This home happens to be a rented apartment, which comes with limitations as far as architectural features and colors. No problem! Linda has worked with those limitations and has made it her own. I think it looks like she has lived here for years! Come with me and we'll take a look around!

This pretty pot of annuals (planted by our dad and mom) sits at the entrance, a statement of welcome. 



Here is the living area. What do you think? Do you want to move right in?!



I am going to take you clockwise around the room, showing the big picture as well as a few closer shots for detail. 











(I love this gallery wall featuring family photos.)






Adjoining the living area (and separated by the sofa) is the dining area. 

I'll insert a bit of reality here. While Kati and I were taking house photos, there were eight people in the house. Mom, Kati, Bekah, and I. Linda, of course, and her daughter Amy and granddaughters Isabel and Ivy. We had eaten lunch and there was baby paraphernalia and children's books and purses and various and sundry bags. And a cat and a dog. So we scooted things here and there while we snapped pictures, and we only had a few shots where faces were in mirrors or a hand or foot was in a corner. Amazing! :) 

Anyway, here is the dining area, cleared of people and lunch.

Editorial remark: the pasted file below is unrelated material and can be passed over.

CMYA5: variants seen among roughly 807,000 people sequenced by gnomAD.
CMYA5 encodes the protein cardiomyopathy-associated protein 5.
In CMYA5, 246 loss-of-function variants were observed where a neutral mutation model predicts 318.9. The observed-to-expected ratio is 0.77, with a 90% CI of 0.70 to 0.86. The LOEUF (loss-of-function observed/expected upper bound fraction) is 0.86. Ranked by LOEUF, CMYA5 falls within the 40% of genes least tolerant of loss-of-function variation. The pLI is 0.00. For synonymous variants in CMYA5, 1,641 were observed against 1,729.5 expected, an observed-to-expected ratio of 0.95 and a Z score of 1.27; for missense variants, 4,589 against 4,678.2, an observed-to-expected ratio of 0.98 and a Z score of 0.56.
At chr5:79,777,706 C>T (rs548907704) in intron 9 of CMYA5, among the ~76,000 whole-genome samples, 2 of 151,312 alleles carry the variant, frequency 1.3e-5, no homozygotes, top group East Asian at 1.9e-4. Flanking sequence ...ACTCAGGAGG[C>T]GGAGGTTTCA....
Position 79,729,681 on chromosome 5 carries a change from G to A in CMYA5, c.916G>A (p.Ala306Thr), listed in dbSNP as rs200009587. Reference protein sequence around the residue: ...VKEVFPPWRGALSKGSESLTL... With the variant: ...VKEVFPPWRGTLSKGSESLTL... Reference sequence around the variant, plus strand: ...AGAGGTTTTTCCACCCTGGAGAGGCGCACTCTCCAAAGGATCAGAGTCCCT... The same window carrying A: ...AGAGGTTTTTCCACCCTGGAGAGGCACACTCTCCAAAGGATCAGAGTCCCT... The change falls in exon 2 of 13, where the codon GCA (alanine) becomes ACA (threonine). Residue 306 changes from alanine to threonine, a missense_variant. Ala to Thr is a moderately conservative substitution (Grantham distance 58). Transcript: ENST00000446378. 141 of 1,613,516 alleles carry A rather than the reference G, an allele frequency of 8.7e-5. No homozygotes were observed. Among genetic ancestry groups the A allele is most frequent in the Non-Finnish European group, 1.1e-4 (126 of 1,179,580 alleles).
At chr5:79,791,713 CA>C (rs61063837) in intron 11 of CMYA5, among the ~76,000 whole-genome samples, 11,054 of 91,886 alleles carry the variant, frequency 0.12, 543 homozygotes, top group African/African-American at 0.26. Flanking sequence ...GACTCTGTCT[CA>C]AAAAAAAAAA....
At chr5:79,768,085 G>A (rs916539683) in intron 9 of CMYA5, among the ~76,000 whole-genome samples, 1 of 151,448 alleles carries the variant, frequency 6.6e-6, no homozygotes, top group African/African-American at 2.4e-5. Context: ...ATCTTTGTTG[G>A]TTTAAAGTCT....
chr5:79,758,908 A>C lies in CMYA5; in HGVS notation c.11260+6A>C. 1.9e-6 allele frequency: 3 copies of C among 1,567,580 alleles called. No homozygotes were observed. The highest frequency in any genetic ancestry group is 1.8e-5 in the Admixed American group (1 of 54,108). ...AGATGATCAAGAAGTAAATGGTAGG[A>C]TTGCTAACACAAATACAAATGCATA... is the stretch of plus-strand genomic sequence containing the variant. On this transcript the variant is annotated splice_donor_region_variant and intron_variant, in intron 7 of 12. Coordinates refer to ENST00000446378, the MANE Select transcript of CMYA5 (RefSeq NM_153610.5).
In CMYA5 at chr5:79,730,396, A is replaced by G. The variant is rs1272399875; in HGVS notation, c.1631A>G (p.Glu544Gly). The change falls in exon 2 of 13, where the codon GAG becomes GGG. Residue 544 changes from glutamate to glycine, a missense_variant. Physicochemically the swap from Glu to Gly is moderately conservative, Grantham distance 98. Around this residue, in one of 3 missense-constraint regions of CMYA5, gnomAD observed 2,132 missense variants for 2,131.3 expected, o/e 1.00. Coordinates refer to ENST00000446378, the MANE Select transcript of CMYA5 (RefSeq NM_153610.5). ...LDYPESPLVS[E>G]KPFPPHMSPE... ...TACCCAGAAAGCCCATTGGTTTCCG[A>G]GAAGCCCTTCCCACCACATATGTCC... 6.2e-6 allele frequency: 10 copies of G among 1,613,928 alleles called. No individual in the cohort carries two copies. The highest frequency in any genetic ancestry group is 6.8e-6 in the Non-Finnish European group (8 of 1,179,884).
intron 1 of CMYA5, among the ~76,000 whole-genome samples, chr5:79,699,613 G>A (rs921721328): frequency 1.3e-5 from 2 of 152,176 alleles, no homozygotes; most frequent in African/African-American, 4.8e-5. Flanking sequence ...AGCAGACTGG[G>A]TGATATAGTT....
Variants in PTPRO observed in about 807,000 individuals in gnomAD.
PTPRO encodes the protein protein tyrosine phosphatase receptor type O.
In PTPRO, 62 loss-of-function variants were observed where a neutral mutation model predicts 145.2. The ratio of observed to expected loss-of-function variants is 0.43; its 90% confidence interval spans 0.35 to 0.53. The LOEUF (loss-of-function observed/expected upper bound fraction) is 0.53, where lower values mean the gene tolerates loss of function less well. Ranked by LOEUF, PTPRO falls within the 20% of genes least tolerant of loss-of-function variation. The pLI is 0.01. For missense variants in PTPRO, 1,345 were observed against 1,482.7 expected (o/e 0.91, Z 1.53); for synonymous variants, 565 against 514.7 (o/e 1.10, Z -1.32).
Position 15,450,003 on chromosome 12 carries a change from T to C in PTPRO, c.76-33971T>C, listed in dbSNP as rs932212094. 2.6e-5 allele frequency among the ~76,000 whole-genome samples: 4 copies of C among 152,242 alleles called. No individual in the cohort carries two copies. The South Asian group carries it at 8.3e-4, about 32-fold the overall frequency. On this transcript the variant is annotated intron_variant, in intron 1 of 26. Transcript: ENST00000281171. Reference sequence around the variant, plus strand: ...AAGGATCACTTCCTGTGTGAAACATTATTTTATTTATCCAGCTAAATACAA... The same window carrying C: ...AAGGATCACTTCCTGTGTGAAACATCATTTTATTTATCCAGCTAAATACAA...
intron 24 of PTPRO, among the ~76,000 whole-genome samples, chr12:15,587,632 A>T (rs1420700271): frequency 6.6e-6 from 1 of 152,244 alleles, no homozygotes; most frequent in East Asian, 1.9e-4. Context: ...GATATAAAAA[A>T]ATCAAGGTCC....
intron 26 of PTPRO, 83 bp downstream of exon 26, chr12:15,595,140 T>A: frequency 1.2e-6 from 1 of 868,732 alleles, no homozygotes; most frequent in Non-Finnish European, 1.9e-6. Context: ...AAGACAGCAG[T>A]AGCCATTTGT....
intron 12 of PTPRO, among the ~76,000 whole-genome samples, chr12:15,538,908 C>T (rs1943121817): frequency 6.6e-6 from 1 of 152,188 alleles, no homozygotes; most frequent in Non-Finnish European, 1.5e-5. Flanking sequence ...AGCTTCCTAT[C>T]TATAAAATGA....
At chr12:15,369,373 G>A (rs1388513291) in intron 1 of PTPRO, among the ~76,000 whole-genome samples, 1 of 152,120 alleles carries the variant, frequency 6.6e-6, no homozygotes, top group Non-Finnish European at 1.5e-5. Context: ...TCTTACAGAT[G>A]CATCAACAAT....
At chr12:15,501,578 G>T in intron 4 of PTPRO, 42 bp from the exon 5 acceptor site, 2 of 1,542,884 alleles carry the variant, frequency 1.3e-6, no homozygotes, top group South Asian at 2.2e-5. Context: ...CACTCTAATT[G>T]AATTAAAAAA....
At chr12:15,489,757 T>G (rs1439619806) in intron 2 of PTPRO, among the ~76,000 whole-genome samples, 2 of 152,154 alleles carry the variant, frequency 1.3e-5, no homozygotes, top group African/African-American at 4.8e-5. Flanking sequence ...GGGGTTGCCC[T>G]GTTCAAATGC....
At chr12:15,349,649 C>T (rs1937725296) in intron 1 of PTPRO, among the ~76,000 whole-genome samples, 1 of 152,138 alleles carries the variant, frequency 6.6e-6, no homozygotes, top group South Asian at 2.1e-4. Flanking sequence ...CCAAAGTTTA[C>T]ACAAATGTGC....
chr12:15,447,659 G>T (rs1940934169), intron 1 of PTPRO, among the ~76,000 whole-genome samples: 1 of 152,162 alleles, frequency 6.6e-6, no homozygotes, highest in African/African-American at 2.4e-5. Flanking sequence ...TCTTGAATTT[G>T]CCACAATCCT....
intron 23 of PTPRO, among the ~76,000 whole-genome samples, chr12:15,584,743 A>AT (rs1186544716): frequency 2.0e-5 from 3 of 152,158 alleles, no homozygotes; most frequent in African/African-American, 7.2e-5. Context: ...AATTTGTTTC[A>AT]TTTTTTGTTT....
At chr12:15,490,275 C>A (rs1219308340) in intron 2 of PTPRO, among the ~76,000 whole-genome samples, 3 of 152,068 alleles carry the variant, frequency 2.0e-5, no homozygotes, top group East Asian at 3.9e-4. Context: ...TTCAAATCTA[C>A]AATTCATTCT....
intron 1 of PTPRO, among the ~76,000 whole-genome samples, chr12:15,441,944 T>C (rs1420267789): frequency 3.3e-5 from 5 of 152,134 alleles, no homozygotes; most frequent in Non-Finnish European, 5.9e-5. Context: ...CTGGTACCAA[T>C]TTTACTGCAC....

(Proof that we had lunch. It was delicious, too!)




A little corner of the kitchen...



...and just outside the kitchen, at the top of the entry stairs, is this cabinet, perfect for pretty kitchen storage as well as a lovely focal point. 
   




 Yes, I even sneaked my camera back to the bathroom.



Although Linda has some lovely furniture, it might be worth pointing out that a lot of beauty can be found in the details. She has used some ordinary things to enhance the overall look of the rooms, and to draw the eye into the nooks and crannies. 

Did you notice her use of old books?

And how about the placement of plants and green things? (I love the preserved boxwood wreath. I'm not sure I would have thought of hanging it in a cabinet.)

And then there is the repetition of blue in her accessories, from coasters to throw pillows.


I hope that you were inspired by our tour of Linda's beautiful home! 

Did you take away any ideas to use in your own home?